The NHS has responded wonderfully to the Pandemic by delivering care and the vaccination program. The Government has responded less well. It has recommended a stingy 1% pay rise which is less than inflation. At the same time, its provision of PPE to NHS and Care Home staff is a litany of waste, incompetence, and cronyism. Its “Moonshot” world beating test and trace system is a colossal failure. The Government has been extravagant and incompetent whenever it has tried to do anything out of the day-to-day routine of the NHS. Recent Select Committee testimony also exposed the squabbles within the Conservative Party over control of lucrative contracts for their competing set of cronies.
The Government continues to repeat the mistake of framing their Pandemic policy as a balancing act between the impact on the population’s health vs. the economy. The truth is that the economic impact of the virus is in direct proportion to its failure to containing the virus. Each new strain demonstrates the Government’s continued unpreparedness. This Government’s record on handling the virus is amongst the worst in the world and is in steep contrast to Australia, New Zealand and Taiwan. By focusing on the health risk these countries suffered the least economic impact as a result.
The Government at all levels has been extremely reluctant to provide school meals during the holidays to needy children and continuing the £20 addition Universal Credit during the pandemic although it has spent nearly £1 trillion in economic relief. This disproportionate willingness to spend on everything except the most vulnerable shows that the Government’s continued commitment is to its selective austerity policies.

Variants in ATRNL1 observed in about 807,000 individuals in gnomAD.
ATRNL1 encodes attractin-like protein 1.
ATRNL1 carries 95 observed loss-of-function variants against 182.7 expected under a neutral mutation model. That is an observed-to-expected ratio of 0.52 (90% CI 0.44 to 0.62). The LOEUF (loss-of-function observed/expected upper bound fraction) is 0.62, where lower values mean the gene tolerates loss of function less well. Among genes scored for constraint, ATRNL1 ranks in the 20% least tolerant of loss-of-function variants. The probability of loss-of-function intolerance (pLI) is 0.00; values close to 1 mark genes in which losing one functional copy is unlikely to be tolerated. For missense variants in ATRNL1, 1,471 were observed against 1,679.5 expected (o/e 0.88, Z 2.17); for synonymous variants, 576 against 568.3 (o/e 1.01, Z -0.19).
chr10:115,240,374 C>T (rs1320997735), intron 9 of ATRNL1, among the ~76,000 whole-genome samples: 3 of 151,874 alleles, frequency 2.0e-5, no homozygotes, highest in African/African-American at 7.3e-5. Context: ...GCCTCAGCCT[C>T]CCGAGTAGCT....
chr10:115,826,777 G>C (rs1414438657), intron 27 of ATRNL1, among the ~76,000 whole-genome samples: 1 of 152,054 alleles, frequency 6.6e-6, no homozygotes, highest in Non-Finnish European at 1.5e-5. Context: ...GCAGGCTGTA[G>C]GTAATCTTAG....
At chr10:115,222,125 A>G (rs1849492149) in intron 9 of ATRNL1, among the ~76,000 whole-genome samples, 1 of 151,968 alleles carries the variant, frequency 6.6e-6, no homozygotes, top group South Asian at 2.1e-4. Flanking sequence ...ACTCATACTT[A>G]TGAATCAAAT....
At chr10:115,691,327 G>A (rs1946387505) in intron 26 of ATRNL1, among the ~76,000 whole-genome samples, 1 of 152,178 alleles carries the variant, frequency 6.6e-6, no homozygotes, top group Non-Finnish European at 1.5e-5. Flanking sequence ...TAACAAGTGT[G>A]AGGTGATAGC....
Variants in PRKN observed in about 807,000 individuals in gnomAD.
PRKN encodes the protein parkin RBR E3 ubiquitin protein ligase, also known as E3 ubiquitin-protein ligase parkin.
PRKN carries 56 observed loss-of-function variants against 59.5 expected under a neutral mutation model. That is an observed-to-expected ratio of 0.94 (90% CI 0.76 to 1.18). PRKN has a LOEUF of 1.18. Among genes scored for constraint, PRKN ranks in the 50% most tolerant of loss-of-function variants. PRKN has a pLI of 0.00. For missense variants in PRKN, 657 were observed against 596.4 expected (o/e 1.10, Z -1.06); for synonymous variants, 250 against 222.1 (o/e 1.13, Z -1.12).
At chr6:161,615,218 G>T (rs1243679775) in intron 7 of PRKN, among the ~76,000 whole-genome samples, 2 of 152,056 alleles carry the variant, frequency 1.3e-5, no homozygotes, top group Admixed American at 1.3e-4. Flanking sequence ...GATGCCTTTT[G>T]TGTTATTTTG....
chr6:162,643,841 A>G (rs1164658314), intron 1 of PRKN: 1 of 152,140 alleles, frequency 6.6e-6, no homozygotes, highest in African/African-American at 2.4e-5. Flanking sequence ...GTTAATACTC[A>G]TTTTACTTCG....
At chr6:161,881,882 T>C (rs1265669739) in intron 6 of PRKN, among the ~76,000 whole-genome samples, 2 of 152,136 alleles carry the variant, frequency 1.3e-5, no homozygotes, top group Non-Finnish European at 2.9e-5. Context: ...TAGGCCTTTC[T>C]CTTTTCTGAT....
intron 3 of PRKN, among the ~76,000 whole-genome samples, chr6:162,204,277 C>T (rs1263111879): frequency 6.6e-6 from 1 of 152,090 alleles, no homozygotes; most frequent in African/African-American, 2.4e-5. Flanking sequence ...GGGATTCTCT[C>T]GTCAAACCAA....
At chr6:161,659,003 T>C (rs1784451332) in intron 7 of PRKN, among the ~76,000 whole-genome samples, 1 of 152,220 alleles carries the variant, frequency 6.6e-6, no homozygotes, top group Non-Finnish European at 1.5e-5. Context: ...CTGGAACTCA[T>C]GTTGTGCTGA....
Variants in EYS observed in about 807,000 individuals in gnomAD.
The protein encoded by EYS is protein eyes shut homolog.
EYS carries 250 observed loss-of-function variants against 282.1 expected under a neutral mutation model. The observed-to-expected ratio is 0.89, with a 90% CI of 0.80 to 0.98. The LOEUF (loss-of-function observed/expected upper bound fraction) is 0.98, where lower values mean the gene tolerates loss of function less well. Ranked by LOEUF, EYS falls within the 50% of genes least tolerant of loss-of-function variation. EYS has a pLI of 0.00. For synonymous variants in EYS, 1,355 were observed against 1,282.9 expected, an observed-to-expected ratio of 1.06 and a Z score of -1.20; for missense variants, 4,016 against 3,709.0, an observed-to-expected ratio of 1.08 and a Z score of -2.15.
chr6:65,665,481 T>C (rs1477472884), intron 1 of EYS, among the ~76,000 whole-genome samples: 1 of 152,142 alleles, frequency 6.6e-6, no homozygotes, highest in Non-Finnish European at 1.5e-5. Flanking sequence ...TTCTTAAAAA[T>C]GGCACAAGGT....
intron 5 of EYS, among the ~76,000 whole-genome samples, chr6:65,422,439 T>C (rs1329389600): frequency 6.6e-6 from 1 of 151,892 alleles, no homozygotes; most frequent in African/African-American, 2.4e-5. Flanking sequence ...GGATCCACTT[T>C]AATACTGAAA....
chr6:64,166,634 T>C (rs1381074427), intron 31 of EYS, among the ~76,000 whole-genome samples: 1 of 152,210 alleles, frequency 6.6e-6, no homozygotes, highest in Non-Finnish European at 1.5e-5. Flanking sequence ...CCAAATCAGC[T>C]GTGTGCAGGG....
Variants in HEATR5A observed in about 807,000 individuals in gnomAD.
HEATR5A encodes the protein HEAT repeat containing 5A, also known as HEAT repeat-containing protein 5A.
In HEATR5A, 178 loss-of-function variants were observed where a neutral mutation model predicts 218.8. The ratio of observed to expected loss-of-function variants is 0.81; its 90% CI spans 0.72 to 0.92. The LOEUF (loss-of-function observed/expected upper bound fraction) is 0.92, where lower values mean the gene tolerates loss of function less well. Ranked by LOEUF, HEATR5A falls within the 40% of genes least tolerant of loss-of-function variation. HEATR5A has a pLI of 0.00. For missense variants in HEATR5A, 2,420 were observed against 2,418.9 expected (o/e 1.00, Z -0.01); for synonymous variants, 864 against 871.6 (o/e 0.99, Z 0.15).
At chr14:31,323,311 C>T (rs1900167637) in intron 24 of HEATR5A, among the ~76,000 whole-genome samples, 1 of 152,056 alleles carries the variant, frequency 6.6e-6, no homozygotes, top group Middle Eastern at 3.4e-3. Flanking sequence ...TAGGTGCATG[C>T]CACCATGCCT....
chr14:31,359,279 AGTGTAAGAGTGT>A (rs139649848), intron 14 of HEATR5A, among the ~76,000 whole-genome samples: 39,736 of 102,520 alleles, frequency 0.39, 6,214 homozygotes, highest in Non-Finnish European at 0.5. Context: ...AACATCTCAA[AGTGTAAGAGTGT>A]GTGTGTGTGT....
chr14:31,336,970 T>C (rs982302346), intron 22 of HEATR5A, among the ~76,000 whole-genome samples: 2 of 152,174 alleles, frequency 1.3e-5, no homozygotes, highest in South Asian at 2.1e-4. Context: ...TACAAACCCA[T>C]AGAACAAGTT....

Elections are your opportunity to deliver your judgement on the success of your Government at all levels. The Government stance is that this is not the time to make an assessment of its performance. They would say that. But that is what elections are for.
We need to be able to look forward to a brighter future. We owe this to our children and grandchildren. Those growing up today face a bleak future with poor job prospects and shrinking opportunities. The years of austerity deprived them of hope and Covid has further underlined the scale of neglect of peoples’ interest while emphasising the priority of the economy. But the economy has not delivered because the economy works best when we are all thoroughly engaged in it and when there is the least disparity between us.
The Pandemic has reminded us how valuable and essential public service workers are in our community. It has proved how much we need both a thriving public and private sector to make our mixed economy work.
I ask for your vote for the Labour party to ensure a critical light is thrown on Government and I will do my very best to represent you for a better future.
I am married to Barbara Furdyna who helped set up and implement the Langstone Good Neighbours Network. The Council call on her to provide services in the community. It demonstrates how the Council could get other help in governance by using community resources. We are both community minded people.
If you’d like to contact me, please call 0239 3073514 and/or email firstname.lastname@example.org to discuss these ideas and any other issues you think are important.
Vote Labour on May 6th. Vote for Peter Oliver for the County